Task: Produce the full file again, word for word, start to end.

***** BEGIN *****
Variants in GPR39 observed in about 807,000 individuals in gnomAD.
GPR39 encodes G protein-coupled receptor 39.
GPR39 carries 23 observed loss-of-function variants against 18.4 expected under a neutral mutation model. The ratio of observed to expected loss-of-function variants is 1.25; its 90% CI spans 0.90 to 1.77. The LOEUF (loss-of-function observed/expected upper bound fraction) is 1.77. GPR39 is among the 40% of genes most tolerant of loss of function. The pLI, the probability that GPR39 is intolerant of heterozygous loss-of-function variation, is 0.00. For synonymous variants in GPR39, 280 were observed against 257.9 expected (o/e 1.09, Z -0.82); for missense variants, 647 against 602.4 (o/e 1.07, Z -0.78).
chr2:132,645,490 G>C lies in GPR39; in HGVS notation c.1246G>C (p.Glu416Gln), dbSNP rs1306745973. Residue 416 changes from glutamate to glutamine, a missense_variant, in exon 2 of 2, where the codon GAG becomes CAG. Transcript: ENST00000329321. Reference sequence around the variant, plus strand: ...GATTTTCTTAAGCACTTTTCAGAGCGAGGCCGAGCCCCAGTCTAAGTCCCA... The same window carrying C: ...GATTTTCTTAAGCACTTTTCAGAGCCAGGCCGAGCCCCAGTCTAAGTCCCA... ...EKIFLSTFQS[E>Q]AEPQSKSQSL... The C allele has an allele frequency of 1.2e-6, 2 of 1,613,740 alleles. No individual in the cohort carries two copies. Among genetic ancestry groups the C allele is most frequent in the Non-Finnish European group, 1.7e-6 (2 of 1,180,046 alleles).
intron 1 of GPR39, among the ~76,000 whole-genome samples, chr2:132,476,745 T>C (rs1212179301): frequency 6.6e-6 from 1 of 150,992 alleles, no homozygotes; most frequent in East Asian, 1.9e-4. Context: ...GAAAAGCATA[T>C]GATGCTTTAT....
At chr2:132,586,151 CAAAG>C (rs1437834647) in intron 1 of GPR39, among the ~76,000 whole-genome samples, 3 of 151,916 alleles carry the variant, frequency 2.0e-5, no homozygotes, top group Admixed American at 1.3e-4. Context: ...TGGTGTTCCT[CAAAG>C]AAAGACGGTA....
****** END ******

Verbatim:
Variants in GPR39 observed in about 807,000 individuals in gnomAD.
GPR39 encodes G protein-coupled receptor 39.
GPR39 carries 23 observed loss-of-function variants against 18.4 expected under a neutral mutation model. The ratio of observed to expected loss-of-function variants is 1.25; its 90% CI spans 0.90 to 1.77. The LOEUF (loss-of-function observed/expected upper bound fraction) is 1.77. GPR39 is among the 40% of genes most tolerant of loss of function. The pLI, the probability that GPR39 is intolerant of heterozygous loss-of-function variation, is 0.00. For synonymous variants in GPR39, 280 were observed against 257.9 expected (o/e 1.09, Z -0.82); for missense variants, 647 against 602.4 (o/e 1.07, Z -0.78).
chr2:132,645,490 G>C lies in GPR39; in HGVS notation c.1246G>C (p.Glu416Gln), dbSNP rs1306745973. Residue 416 changes from glutamate to glutamine, a missense_variant, in exon 2 of 2, where the codon GAG becomes CAG. Transcript: ENST00000329321. Reference sequence around the variant, plus strand: ...GATTTTCTTAAGCACTTTTCAGAGCGAGGCCGAGCCCCAGTCTAAGTCCCA... The same window carrying C: ...GATTTTCTTAAGCACTTTTCAGAGCCAGGCCGAGCCCCAGTCTAAGTCCCA... ...EKIFLSTFQS[E>Q]AEPQSKSQSL... The C allele has an allele frequency of 1.2e-6, 2 of 1,613,740 alleles. No individual in the cohort carries two copies. Among genetic ancestry groups the C allele is most frequent in the Non-Finnish European group, 1.7e-6 (2 of 1,180,046 alleles).
intron 1 of GPR39, among the ~76,000 whole-genome samples, chr2:132,476,745 T>C (rs1212179301): frequency 6.6e-6 from 1 of 150,992 alleles, no homozygotes; most frequent in East Asian, 1.9e-4. Context: ...GAAAAGCATA[T>C]GATGCTTTAT....
At chr2:132,586,151 CAAAG>C (rs1437834647) in intron 1 of GPR39, among the ~76,000 whole-genome samples, 3 of 151,916 alleles carry the variant, frequency 2.0e-5, no homozygotes, top group Admixed American at 1.3e-4. Context: ...TGGTGTTCCT[CAAAG>C]AAAGACGGTA....